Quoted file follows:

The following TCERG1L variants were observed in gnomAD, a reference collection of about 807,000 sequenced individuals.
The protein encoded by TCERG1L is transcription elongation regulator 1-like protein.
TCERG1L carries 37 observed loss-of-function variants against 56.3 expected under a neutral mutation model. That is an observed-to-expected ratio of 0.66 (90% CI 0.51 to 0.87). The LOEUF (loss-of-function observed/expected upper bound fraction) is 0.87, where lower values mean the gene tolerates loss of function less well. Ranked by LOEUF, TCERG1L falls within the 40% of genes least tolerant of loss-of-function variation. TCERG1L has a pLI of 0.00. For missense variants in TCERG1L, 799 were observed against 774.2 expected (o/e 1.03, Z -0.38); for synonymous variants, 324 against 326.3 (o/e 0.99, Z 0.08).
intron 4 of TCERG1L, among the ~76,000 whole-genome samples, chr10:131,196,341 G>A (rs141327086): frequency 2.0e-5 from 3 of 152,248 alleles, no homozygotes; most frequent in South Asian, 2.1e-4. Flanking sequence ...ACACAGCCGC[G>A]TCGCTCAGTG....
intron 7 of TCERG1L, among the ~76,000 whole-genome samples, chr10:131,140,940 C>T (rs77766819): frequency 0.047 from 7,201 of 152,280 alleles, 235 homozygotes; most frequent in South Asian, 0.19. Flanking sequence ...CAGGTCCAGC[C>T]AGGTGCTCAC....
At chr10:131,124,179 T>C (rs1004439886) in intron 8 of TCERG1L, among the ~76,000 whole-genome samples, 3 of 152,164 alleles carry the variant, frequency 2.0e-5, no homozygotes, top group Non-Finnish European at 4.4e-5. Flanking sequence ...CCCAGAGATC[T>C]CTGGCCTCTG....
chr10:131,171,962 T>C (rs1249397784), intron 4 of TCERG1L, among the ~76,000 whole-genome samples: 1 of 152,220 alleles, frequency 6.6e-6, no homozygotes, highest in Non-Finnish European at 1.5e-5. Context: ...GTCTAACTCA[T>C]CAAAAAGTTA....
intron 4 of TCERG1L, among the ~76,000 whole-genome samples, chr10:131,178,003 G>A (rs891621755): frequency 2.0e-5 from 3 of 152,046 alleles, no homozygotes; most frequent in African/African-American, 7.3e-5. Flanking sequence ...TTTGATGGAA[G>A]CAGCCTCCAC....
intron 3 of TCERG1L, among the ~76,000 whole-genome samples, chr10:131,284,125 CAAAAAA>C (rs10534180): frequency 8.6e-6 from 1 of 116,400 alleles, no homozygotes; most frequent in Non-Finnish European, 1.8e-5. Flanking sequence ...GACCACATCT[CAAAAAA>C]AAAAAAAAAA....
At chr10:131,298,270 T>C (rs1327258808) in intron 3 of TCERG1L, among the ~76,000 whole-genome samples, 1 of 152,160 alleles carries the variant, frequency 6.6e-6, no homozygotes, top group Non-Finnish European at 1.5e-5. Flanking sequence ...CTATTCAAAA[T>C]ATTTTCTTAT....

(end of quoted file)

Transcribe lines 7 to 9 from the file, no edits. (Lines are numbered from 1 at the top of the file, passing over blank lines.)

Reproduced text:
chr10:131,171,962 T>C (rs1249397784), intron 4 of TCERG1L, among the ~76,000 whole-genome samples: 1 of 152,220 alleles, frequency 6.6e-6, no homozygotes, highest in Non-Finnish European at 1.5e-5. Context: ...GTCTAACTCA[T>C]CAAAAAGTTA....
intron 4 of TCERG1L, among the ~76,000 whole-genome samples, chr10:131,178,003 G>A (rs891621755): frequency 2.0e-5 from 3 of 152,046 alleles, no homozygotes; most frequent in African/African-American, 7.3e-5. Flanking sequence ...TTTGATGGAA[G>A]CAGCCTCCAC....
intron 3 of TCERG1L, among the ~76,000 whole-genome samples, chr10:131,284,125 CAAAAAA>C (rs10534180): frequency 8.6e-6 from 1 of 116,400 alleles, no homozygotes; most frequent in Non-Finnish European, 1.8e-5. Flanking sequence ...GACCACATCT[CAAAAAA>C]AAAAAAAAAA....